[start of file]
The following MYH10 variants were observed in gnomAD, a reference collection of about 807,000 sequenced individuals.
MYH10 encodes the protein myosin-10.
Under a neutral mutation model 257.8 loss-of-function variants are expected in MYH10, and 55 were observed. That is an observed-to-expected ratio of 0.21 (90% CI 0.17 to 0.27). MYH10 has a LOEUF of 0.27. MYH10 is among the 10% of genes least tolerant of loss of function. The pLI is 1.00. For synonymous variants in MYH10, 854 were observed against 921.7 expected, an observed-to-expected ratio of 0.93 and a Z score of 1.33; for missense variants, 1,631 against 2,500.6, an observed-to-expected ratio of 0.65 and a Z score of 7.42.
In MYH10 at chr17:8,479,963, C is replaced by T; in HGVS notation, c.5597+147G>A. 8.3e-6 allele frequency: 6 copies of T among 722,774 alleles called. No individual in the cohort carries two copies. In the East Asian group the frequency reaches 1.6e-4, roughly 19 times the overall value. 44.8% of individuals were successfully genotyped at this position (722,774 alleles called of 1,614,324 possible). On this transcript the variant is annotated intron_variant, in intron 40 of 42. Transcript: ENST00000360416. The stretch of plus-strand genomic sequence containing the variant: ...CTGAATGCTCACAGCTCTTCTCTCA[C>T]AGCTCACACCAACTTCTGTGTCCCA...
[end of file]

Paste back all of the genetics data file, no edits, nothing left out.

The following MYH10 variants were observed in gnomAD, a reference collection of about 807,000 sequenced individuals.
MYH10 encodes the protein myosin-10.
Under a neutral mutation model 257.8 loss-of-function variants are expected in MYH10, and 55 were observed. That is an observed-to-expected ratio of 0.21 (90% CI 0.17 to 0.27). MYH10 has a LOEUF of 0.27. MYH10 is among the 10% of genes least tolerant of loss of function. The pLI is 1.00. For synonymous variants in MYH10, 854 were observed against 921.7 expected, an observed-to-expected ratio of 0.93 and a Z score of 1.33; for missense variants, 1,631 against 2,500.6, an observed-to-expected ratio of 0.65 and a Z score of 7.42.
In MYH10 at chr17:8,479,963, C is replaced by T; in HGVS notation, c.5597+147G>A. 8.3e-6 allele frequency: 6 copies of T among 722,774 alleles called. No individual in the cohort carries two copies. In the East Asian group the frequency reaches 1.6e-4, roughly 19 times the overall value. 44.8% of individuals were successfully genotyped at this position (722,774 alleles called of 1,614,324 possible). On this transcript the variant is annotated intron_variant, in intron 40 of 42. Transcript: ENST00000360416. The stretch of plus-strand genomic sequence containing the variant: ...CTGAATGCTCACAGCTCTTCTCTCA[C>T]AGCTCACACCAACTTCTGTGTCCCA...